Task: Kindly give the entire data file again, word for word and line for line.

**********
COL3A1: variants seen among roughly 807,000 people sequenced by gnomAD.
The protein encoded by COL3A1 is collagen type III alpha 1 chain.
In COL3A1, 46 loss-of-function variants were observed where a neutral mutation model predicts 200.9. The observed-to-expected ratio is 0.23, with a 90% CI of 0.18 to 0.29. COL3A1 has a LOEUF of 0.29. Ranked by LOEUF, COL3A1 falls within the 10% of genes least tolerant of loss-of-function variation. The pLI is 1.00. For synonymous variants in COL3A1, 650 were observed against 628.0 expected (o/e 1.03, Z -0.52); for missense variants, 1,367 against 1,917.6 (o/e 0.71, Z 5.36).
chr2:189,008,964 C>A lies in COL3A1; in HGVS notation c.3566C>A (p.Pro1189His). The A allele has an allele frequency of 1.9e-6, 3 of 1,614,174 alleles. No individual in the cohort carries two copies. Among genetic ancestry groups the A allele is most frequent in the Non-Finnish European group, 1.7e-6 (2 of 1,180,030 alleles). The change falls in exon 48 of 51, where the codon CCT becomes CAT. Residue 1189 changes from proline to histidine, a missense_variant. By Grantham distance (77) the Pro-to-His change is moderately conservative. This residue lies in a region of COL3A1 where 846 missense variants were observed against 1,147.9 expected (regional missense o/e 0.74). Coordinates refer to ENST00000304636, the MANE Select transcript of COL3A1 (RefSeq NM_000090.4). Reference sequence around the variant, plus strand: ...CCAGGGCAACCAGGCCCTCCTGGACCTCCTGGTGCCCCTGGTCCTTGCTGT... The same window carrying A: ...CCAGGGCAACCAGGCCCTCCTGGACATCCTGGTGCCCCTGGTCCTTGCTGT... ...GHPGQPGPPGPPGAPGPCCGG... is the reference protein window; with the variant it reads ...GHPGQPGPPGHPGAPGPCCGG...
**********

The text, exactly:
COL3A1: variants seen among roughly 807,000 people sequenced by gnomAD.
The protein encoded by COL3A1 is collagen type III alpha 1 chain.
In COL3A1, 46 loss-of-function variants were observed where a neutral mutation model predicts 200.9. The observed-to-expected ratio is 0.23, with a 90% CI of 0.18 to 0.29. COL3A1 has a LOEUF of 0.29. Ranked by LOEUF, COL3A1 falls within the 10% of genes least tolerant of loss-of-function variation. The pLI is 1.00. For synonymous variants in COL3A1, 650 were observed against 628.0 expected (o/e 1.03, Z -0.52); for missense variants, 1,367 against 1,917.6 (o/e 0.71, Z 5.36).
chr2:189,008,964 C>A lies in COL3A1; in HGVS notation c.3566C>A (p.Pro1189His). The A allele has an allele frequency of 1.9e-6, 3 of 1,614,174 alleles. No individual in the cohort carries two copies. Among genetic ancestry groups the A allele is most frequent in the Non-Finnish European group, 1.7e-6 (2 of 1,180,030 alleles). The change falls in exon 48 of 51, where the codon CCT becomes CAT. Residue 1189 changes from proline to histidine, a missense_variant. By Grantham distance (77) the Pro-to-His change is moderately conservative. This residue lies in a region of COL3A1 where 846 missense variants were observed against 1,147.9 expected (regional missense o/e 0.74). Coordinates refer to ENST00000304636, the MANE Select transcript of COL3A1 (RefSeq NM_000090.4). Reference sequence around the variant, plus strand: ...CCAGGGCAACCAGGCCCTCCTGGACCTCCTGGTGCCCCTGGTCCTTGCTGT... The same window carrying A: ...CCAGGGCAACCAGGCCCTCCTGGACATCCTGGTGCCCCTGGTCCTTGCTGT... ...GHPGQPGPPGPPGAPGPCCGG... is the reference protein window; with the variant it reads ...GHPGQPGPPGHPGAPGPCCGG...